Over the last decade, more than 75% of the Peruvian Amazon forest have been conceded to extractive industries as oil concessions, without consulting the native communities, though, and often violating the existing nature protection legislation. The Peruvian Ombudsman's Service (Defensoría del Pueblo) claimed in 2009 that almost 50 per cent of the registered social conflicts consist of so called "natural resources conflicts", and it forecasted a steady increase in the number of this kind of conflicts. Only 10% of the Peruvian Amazon region is actually protected as nature reserve.
On May 16, 2006 - shortly after the signing of the Pantoja agreement (concerning the categorization of the Zona Reservada de Güeppí as a nature area) - PerúPetro S.A. and Petrobras Energía S.A. reached a license agreement for the Exploration and Exploitation of hydrocarbons in oil block 117. This area overlaps with the National Park and both Communal Reserves and with the territories and titled communities of the Secoya and Kichwa peoples in the Napo and Putumayo basin.
The indigenous peoples were not consulted about the concession of this area, which is an infringement of convention 169 of the International Labour Organisation (ILO). Moreover, after all these years of negotiations about the categorization of the National Park and the Communal Reserves, the local population felt betrayed by the Peruvian state and its contradictory policy. While the government institution for nature protection was cooperating with them towards a sustainable management of their territories, the much more powerful ministry of Energy and Mining granted a concession to an oil company in that very same area.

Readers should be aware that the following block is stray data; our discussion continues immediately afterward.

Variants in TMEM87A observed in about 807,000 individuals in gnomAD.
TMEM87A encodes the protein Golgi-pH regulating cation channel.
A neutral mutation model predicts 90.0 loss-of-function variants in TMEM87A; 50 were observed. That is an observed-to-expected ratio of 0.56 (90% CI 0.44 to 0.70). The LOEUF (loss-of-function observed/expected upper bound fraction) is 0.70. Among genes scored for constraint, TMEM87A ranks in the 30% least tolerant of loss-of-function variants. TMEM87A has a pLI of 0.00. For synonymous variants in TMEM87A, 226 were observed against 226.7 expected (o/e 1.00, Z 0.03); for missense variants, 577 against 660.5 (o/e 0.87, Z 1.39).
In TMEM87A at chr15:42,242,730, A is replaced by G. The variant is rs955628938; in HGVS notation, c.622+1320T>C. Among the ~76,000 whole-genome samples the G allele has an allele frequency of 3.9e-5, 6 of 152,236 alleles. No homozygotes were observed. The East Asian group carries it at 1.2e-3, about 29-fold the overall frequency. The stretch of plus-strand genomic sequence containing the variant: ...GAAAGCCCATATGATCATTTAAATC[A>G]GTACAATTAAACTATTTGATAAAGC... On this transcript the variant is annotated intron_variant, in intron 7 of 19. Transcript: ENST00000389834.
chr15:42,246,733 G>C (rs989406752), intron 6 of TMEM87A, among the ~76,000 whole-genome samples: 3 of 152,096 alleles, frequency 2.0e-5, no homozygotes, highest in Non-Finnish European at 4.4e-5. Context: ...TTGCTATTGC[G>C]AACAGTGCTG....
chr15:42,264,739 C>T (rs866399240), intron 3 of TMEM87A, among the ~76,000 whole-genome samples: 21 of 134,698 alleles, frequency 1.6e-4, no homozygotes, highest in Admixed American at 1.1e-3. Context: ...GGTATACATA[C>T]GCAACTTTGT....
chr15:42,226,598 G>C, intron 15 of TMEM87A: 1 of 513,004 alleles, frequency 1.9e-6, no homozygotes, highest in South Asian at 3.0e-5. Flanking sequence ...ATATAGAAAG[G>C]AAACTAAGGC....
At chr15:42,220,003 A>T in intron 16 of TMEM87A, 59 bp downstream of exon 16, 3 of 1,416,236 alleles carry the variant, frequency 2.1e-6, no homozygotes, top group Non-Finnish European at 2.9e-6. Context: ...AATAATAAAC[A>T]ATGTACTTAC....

But in September 2013 some really good news did finally arrive: the state-owned company PerúPetro, which grants concessions for oil and gas exploitation, announced that they were going to abandon oil block 117. Apparently the prospects of future return on capital and high profits were insufficient. A victory for the native peoples who live in the area and who have been opposed to this concession for many years. However, oil exploitation is still possible in both Communal Reserves, if the local inhabitants and the nature reserve management should decide so.